DESCRIPTION OF THE DRAWING FIG. 1 is a diagram illustrating a group of aircraft in the vicinity of an interrogating aircraft and of the various P and O signals that are being transmitted and re plied.

FIGS. 2 and 3 are schematics illustrating the function of the correlator switch for processing the probe and return signals.

FIGS. 4 and 5 are charts illustrating a typical sample of probe returns and fruit returns FIGS. 6a and 6b is a block diagram of the correlator and control system according to the invention.

FIGS. 7, 8, and 9 are timing charts of signals illustrating the sequence of operation of the system.

DESCRIPTION OF A PREFERRED EMBODIMENT The system described herein is an embodiment of the invention useful in a collision avoidance system for air craft particularly the SECANT-type which is described in detail in the above identified copending applications. Other uses of the correlator and control system include collision avoidance systems for vehicular forms such as maritime surface vessels for inland, coastal and opensea applications.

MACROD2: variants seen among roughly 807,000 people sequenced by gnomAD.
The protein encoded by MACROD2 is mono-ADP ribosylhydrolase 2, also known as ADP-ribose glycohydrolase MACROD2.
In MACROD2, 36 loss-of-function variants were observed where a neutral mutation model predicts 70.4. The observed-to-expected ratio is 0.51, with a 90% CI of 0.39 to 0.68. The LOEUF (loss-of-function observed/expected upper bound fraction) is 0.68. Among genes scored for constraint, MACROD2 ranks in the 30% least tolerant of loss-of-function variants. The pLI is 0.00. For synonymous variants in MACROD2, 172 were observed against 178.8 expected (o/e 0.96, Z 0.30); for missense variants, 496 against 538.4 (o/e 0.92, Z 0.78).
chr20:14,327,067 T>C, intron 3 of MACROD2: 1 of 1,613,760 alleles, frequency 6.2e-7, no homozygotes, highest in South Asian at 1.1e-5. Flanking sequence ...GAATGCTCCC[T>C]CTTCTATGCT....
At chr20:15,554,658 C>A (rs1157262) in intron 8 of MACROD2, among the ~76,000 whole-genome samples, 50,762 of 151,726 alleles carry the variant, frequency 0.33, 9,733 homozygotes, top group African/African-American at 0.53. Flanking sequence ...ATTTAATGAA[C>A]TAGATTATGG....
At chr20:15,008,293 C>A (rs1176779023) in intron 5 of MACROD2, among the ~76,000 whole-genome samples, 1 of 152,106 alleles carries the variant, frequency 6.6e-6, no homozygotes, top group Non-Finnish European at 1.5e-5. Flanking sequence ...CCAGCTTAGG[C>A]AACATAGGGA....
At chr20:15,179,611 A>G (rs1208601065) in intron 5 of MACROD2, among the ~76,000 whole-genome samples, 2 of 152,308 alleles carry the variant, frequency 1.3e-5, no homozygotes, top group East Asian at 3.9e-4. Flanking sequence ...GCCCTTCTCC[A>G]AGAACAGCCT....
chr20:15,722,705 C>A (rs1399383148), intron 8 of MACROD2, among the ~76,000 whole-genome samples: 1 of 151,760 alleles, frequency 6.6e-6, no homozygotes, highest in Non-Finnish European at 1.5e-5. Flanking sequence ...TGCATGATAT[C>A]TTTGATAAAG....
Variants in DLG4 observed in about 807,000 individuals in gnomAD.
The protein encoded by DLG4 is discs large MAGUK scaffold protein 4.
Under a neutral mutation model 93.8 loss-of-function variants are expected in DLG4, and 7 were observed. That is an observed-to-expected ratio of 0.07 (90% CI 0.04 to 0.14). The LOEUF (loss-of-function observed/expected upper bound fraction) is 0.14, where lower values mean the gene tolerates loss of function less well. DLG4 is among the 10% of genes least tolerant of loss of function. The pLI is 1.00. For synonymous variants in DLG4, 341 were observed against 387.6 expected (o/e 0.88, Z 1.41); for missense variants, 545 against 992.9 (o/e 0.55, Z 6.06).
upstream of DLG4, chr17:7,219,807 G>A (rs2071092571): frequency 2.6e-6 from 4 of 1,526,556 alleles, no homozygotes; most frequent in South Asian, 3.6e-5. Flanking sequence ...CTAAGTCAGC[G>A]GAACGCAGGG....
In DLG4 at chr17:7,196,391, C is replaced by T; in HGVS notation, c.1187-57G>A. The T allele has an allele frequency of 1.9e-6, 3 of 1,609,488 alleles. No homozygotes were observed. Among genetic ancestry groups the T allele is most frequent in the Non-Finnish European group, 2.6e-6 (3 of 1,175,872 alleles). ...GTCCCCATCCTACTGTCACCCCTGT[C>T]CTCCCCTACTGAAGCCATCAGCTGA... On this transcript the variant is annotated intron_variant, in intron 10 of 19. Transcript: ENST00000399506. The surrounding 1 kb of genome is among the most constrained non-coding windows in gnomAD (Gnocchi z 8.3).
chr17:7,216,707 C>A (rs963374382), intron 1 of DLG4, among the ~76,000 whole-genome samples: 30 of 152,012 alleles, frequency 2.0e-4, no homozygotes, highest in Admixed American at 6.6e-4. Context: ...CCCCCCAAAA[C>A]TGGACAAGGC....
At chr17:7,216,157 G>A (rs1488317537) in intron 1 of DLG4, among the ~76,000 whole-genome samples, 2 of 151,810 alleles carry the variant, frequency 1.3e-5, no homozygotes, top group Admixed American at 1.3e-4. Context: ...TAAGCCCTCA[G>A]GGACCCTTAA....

Reference is now made to FIG. 1 of the drawing showing the application of the correlator and control system in a collision avoidance system of the SECANT type in the environment of several aircraft. An interrogator station 10 transmits probes 12 comprising pulses of one microsecond duration every millisecond with a random coded frequency hopping signal and a random coded repetition rate or PRF. Being purely random, the sequences are unique to all aircraft. As will be explained, approximately one hundred responses are correlated and integrated in 0.I seconds (100 milliseconds) manifesting an extremely high probability of detection and an extremely low probability of false alarm.